"Last year, my son caught a 400-pound blue marlin and a sailfish," bragged Dan Knellinger, who fished with his son, Bart, from Palm Harbor, Fla. "We caught tuna till our arms gave out.
"Today we used trout tackle and came in with 13 tuna — 15-to-20 pounders," Knellinger said. "It was pretty slow. I guess that's why they call it fishing, not catching."
Knellinger and his son had their tuna cleaned and filleted. They bagged and stored it in the resort's communal freezer to take home. (After recurring incidents of frozen fish gone missing, the resort has instituted a checkout system for the freezer.)
Frank Patalano from Sacramento, Calif., another SSA party hound, drew a gaggle of guests to the big outdoor grill: "Come and get it," he said, offering paper cups filled with barbecued dorado. "I caught three dorado and a yellowfin tuna today. We're eatin' 'em now. An appetizer. Tonight's ribs night — can't miss that."
Huge platters of barbecued baby back pork ribs on Saturday nights — another inviolate Ranch tradition.
"I love this place; it's old Baja," said Lance Alworth, the pro football Hall of Famer and wide receiver for the San Diego Chargers back in the '60s. "This is how Cabo used to be."
Alworth has owned a condo in Cabo San Lucas since 1980. "For years, I'd run into John Ireland on the plane coming down here. He'd always invite me to drop by," said Alworth. "When I finally did visit, I fell in love," Alworth said. "It's a fabulous spot — and nobody knows it's here."
Alworth was so smitten by The Ranch's old Baja feel that he and his wife, Laura, purchased a lot a few hundred yards down the beach and are building a home on the spot. It'll be finished soon, but the Alworths expect they'll stay Ranch regulars anyway — especially when they have an early morning craving for huevos rancheros.
"We're the place you come when you want to get away from the likes of Cabo — away from TVs, discos, room service," said Ranch manager Gary Barnes-Webb. "You're never going to break a nail in Cabo. We're for more hands-on people — people who like to have sand on their feet."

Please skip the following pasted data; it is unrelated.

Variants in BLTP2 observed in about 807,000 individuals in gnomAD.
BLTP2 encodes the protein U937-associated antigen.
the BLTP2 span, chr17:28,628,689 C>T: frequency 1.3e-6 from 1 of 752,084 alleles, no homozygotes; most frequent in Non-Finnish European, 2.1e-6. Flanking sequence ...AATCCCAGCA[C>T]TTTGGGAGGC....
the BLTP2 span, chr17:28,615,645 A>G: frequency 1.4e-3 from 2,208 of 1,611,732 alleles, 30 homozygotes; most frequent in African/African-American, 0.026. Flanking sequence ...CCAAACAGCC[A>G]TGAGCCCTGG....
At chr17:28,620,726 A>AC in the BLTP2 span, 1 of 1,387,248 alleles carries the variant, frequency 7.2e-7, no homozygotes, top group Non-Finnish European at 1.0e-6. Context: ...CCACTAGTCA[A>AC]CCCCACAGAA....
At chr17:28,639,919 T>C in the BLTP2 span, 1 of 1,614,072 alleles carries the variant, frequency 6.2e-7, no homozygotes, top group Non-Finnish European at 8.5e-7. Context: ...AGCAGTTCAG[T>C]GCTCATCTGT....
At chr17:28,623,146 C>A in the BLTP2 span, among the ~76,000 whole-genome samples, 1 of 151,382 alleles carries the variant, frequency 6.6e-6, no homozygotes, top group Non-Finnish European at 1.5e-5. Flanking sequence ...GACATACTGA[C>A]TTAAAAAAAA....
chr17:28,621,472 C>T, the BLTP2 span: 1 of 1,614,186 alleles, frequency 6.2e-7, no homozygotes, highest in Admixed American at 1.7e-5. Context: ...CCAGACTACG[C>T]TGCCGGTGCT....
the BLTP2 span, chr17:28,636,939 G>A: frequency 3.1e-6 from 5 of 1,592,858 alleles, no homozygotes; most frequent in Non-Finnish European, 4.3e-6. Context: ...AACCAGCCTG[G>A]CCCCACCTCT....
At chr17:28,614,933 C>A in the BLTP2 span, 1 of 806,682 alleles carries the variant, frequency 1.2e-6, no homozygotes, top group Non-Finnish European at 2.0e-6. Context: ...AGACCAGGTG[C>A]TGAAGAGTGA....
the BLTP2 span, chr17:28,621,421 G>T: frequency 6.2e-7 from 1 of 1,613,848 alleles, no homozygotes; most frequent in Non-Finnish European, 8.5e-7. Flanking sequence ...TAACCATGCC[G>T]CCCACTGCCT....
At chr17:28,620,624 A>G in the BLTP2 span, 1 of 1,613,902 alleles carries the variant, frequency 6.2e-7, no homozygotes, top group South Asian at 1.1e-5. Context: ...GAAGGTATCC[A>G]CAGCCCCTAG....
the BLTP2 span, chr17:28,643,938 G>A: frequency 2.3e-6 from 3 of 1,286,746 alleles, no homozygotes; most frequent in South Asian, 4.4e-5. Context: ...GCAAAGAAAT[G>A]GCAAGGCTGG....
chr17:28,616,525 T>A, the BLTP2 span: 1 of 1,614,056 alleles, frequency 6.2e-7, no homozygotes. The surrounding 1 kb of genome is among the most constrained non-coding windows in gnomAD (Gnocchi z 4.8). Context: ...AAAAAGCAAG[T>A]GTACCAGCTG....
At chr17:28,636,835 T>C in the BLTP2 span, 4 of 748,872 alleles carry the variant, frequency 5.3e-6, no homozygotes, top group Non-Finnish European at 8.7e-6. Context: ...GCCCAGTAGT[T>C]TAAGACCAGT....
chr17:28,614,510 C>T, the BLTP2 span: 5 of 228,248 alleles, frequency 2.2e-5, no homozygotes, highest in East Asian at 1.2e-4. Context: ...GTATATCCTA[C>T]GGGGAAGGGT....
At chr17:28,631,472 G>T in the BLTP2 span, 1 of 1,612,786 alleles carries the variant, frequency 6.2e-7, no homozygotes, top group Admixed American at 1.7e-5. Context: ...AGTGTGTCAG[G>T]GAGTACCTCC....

IF YOU GO Get there: Alaska, Continental and Delta are among major U.S. airlines that fly into Los Cabos International Airport. Rancho Leonero can arrange ground transportation to and from the airport. Costs range from about $60 each way per person, to $15 per person when eight people occupy a van.
Stay there: Rooms for two range from $150 to $250 per night and include three meals per day. Add 12 percent tax and a 10 percent service charge.
Fish: Resort cruisers, which accommodate up to five fishers, charter for $385 per day. Motorized pangas, for up to three fishers, go for $250 per day. Rental rods run $10 and fishing licenses are $23 per week.
Snorkel: Vista Sea Sport (www.vistaseasport.com) offers three-quarter-day trips from Rancho Leonero to Cabo Pulmo Marine Park for $65 per person. Add $10 to rent snorkel gear.
Kayak: Ranch rentals run $10 per hour, $40 per day.
Etcetera: Check for discounts and package deals. For example, the summer value package (which must be booked between mid-January and March) offers rooms for two for as little at $75 per day, including meals. There's a three-night minimum and the deal requires a least one day of paid charter fishing. Go to www.rancholeonero.com.
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Alison DaRosa is a freelance travel writer. To read features by other Creators Syndicate writers and cartoonists, visit the Creators Syndicate website at www.creators.com.